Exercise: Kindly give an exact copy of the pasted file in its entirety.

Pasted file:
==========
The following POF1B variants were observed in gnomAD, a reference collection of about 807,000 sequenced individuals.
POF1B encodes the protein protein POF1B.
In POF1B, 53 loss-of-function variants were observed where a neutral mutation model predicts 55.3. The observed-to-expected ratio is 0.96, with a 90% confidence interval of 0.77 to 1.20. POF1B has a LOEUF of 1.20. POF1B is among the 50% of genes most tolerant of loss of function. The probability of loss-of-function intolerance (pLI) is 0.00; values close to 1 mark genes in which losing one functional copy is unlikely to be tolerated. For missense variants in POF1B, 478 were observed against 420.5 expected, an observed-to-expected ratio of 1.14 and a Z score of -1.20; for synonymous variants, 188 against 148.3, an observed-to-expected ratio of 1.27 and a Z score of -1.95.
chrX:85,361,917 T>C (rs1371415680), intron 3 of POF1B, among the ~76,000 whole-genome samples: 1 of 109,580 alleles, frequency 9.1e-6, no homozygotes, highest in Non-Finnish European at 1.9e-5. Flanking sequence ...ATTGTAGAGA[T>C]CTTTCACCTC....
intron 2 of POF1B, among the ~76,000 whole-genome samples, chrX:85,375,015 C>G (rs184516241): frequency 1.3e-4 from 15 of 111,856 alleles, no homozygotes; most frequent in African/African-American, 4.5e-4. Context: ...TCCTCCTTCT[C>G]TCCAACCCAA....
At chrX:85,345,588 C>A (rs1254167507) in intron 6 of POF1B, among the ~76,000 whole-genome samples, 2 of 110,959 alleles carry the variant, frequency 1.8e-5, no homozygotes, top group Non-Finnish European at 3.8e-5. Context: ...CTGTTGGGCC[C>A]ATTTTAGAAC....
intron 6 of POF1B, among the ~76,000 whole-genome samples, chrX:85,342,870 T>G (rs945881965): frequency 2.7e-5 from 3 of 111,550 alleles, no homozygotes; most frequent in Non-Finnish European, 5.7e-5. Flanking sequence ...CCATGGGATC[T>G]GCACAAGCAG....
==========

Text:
The following POF1B variants were observed in gnomAD, a reference collection of about 807,000 sequenced individuals.
POF1B encodes the protein protein POF1B.
In POF1B, 53 loss-of-function variants were observed where a neutral mutation model predicts 55.3. The observed-to-expected ratio is 0.96, with a 90% confidence interval of 0.77 to 1.20. POF1B has a LOEUF of 1.20. POF1B is among the 50% of genes most tolerant of loss of function. The probability of loss-of-function intolerance (pLI) is 0.00; values close to 1 mark genes in which losing one functional copy is unlikely to be tolerated. For missense variants in POF1B, 478 were observed against 420.5 expected, an observed-to-expected ratio of 1.14 and a Z score of -1.20; for synonymous variants, 188 against 148.3, an observed-to-expected ratio of 1.27 and a Z score of -1.95.
chrX:85,361,917 T>C (rs1371415680), intron 3 of POF1B, among the ~76,000 whole-genome samples: 1 of 109,580 alleles, frequency 9.1e-6, no homozygotes, highest in Non-Finnish European at 1.9e-5. Flanking sequence ...ATTGTAGAGA[T>C]CTTTCACCTC....
intron 2 of POF1B, among the ~76,000 whole-genome samples, chrX:85,375,015 C>G (rs184516241): frequency 1.3e-4 from 15 of 111,856 alleles, no homozygotes; most frequent in African/African-American, 4.5e-4. Context: ...TCCTCCTTCT[C>G]TCCAACCCAA....
At chrX:85,345,588 C>A (rs1254167507) in intron 6 of POF1B, among the ~76,000 whole-genome samples, 2 of 110,959 alleles carry the variant, frequency 1.8e-5, no homozygotes, top group Non-Finnish European at 3.8e-5. Context: ...CTGTTGGGCC[C>A]ATTTTAGAAC....
intron 6 of POF1B, among the ~76,000 whole-genome samples, chrX:85,342,870 T>G (rs945881965): frequency 2.7e-5 from 3 of 111,550 alleles, no homozygotes; most frequent in Non-Finnish European, 5.7e-5. Flanking sequence ...CCATGGGATC[T>G]GCACAAGCAG....